UNFPA: Safe spaces in Colombia offer respite to Venezuelan migrants
United Nations Population Fund (UNFPA) | Bogota, Colombia | February 25, 2021
Griseida, 28, left Venezuela when she couldn’t find a job to feed her five children. Thirty-five-year-old Marlyng, too, left when there was no work to be found, leaving behind two of three children until she could get settled. They are just two of the approximate 1.6 million migrants in Colombia – the majority of whom have no status – to leave Venezuela’s years-long humanitarian crisis.
On 8 February, Colombia’s president Iván Duque gave fresh hope to Venezuelan migrants by granting them temporary legal status for 10 years, at which point they can apply for residency. The much-lauded move allows migrants to work and access health care. According to the United Nations Refugee Agency, there are an estimated 5.4 million Venezuelan migrants and refugees around the world. According to a January report, 162,000 caminantes (migrants on foot) will pass through Colombia this year. Many of the women and girls are at risk of sexual exploitation and violence. As of December 2020, foreigners reporting the highest number of cases of violence were Venezuelan women, according to the Integrated Information System on Gender Violence (SIVIGE).
UNFPA has seen the influx firsthand, with 19 safe spaces established in Norte de Santander and Arauca on the Colombian-Venezuelan border as well as in Nariño and Chocó on the Pacific side. In 2019, more than 350 women were trained as community leaders to identify and mitigate gender-based violence risks and aid in prevention and response. They were able to serve more than 4,000 Venezuelan migrant women, indigenous women, Afro-descendants, victims of Colombian armed conflict and local women at high risk of gender-based violence.
When the COVID-19 pandemic hit, all safe space activities went virtual. This year, UNFPA plans to open six more spaces, which will offer the same psychosocial services, information and activities for an additional 3,200 women.
Voices of Venezuelan migrants
The community leaders are not simply providing outreach to migrant women. They are also sharing their own stories of strength and survival to inspire others.
Griseida, for instance, speaks openly about the violence she experienced en route to Venezuela in 2018, and how, as a migrant, felt she had no rights in Colombia. But after visiting a safe space, she learned she did.
She was also able to get an implant to prevent future pregnancies, she recalled in a video produced for the “With All Senses” campaign publicizing the real experiences of migrant women. Griseida also speaks to other women, whose shoes she once stood in, about gender-based violence and sexual reproductive health and rights. “I feel happy for helping women who are going through difficult situations,” she said. “No one but us who come from a past of violence can help persons who are suffering today. Even if I have to go to the end of the world to save a woman who is mistreated, I will be there.”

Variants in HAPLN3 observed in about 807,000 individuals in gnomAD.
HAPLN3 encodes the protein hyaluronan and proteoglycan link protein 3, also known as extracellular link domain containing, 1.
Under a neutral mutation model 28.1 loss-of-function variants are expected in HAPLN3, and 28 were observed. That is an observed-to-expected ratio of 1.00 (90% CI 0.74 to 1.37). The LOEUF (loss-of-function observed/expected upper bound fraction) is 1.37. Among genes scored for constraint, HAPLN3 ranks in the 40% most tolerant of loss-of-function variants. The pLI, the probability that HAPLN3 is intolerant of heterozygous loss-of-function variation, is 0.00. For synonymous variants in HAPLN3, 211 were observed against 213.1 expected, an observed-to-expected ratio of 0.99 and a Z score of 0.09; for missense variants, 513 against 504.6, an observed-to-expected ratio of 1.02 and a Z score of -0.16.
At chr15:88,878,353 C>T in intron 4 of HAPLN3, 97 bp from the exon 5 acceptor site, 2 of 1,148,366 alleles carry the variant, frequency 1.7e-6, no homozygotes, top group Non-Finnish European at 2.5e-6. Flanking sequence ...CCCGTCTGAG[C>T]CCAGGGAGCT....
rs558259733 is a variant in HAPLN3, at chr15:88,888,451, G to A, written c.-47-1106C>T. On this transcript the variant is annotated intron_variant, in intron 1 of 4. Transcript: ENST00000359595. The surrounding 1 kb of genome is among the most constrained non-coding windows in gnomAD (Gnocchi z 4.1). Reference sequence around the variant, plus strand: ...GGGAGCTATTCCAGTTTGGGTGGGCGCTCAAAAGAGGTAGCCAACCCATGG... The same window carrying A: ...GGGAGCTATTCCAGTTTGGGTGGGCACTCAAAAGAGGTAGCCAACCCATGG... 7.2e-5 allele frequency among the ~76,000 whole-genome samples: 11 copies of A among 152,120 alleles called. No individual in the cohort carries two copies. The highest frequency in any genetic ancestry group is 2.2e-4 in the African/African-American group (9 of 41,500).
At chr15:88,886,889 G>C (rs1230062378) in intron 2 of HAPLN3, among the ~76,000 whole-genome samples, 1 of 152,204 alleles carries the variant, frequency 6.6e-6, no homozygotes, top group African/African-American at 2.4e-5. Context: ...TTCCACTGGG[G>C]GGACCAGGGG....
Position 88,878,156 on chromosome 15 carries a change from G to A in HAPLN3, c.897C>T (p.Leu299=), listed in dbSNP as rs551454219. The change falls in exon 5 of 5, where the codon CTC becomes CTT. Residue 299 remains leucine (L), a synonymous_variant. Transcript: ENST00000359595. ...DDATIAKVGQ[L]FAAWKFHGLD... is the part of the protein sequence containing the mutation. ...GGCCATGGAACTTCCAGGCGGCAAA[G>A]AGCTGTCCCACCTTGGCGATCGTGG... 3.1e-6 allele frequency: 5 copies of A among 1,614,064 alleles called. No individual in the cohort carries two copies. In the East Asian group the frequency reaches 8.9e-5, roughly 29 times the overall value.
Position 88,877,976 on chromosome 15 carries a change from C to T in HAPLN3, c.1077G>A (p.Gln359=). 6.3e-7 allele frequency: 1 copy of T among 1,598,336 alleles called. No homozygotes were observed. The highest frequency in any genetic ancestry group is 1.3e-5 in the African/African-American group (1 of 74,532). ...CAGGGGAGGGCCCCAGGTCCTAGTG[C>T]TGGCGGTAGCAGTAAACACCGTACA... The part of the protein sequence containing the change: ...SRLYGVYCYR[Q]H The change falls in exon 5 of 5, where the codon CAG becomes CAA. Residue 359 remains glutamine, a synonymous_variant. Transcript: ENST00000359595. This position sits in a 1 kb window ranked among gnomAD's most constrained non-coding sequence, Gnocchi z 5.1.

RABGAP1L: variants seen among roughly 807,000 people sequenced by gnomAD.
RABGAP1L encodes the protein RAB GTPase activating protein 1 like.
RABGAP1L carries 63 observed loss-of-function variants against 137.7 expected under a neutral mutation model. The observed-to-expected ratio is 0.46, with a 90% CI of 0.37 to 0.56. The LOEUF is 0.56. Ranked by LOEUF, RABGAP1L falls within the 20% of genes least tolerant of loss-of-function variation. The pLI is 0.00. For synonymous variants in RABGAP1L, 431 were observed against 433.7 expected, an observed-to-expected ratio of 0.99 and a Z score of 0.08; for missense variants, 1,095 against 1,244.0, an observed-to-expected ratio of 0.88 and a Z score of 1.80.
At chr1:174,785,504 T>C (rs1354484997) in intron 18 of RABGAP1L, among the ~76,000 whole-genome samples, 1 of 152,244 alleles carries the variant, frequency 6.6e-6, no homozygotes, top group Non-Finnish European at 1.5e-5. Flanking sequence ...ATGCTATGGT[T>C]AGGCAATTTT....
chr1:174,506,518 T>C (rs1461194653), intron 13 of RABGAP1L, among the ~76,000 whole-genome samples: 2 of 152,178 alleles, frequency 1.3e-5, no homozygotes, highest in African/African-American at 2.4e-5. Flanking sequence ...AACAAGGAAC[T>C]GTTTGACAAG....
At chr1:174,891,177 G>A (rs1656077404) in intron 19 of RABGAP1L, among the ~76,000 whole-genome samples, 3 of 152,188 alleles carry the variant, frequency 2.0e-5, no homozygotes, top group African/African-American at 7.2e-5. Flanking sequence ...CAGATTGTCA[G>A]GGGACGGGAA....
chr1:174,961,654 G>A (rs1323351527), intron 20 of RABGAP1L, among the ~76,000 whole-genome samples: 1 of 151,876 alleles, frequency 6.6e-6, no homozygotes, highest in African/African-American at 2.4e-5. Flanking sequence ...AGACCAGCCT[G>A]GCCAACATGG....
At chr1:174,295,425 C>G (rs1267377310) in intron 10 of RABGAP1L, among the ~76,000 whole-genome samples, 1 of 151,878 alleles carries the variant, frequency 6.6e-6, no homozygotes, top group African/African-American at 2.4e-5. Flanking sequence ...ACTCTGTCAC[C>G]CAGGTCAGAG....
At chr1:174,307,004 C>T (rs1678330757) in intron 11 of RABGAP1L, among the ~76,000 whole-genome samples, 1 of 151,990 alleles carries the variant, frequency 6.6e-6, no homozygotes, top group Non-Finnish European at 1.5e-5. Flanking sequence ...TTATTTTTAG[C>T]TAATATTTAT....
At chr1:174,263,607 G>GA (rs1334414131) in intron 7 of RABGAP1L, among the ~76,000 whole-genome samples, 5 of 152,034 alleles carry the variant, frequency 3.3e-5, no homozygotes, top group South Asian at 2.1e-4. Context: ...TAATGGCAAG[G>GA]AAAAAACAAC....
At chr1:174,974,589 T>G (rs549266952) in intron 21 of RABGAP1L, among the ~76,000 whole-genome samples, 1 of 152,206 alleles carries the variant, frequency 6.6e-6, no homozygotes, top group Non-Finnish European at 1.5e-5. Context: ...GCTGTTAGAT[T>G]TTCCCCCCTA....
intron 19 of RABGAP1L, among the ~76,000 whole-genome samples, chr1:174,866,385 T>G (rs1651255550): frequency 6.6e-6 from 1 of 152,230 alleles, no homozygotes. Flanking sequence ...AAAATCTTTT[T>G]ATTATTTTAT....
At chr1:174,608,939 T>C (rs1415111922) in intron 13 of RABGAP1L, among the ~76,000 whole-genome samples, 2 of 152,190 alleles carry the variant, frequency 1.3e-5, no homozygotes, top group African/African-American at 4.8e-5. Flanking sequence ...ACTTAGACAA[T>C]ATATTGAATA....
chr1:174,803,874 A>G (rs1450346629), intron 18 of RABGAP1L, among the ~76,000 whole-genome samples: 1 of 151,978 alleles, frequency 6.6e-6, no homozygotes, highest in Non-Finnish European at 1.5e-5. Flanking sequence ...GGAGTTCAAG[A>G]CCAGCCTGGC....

Paying it forward
Marlyng, too, is raising her voice. For a year after she arrived in 2017, she survived on the kindness and donations from strangers until she was able to live on her own. To pay it forward, she opened her own home to migrating countrymen who needed a place to sleep – once, 26 people stayed with her. One of those guests was a girl who was being abused by her partner. Marlyng accompanied her to a UNFPA safe space. The girl never returned, but Marlyng was asked to become a community leader.
“I have always been a helpful person,” she said. “Being a leader gives me the opportunity to help women. To be able to support them, tell them they are not alone moves my heart greatly.”
Juliana, a Colombian-Venezuelan 17-year-old student and community leader, has lived in both countries and has been attending a safe space for about a year. “I have learned about my rights and about possibilities,” she said. “I have explained to schoolmates the value we have as women and that we cannot remain silent in the face of violence, whether physical or verbal.”
It was at the safe space that she first learned about sexuality education; now she understands that in order for her to reach her goal of becoming a psychologist, she can’t get pregnant at a young age. Most of all, “I like it because it helps us to value ourselves as women, to raise our self-esteem and to love ourselves.” It’s a lesson that should defy all borders.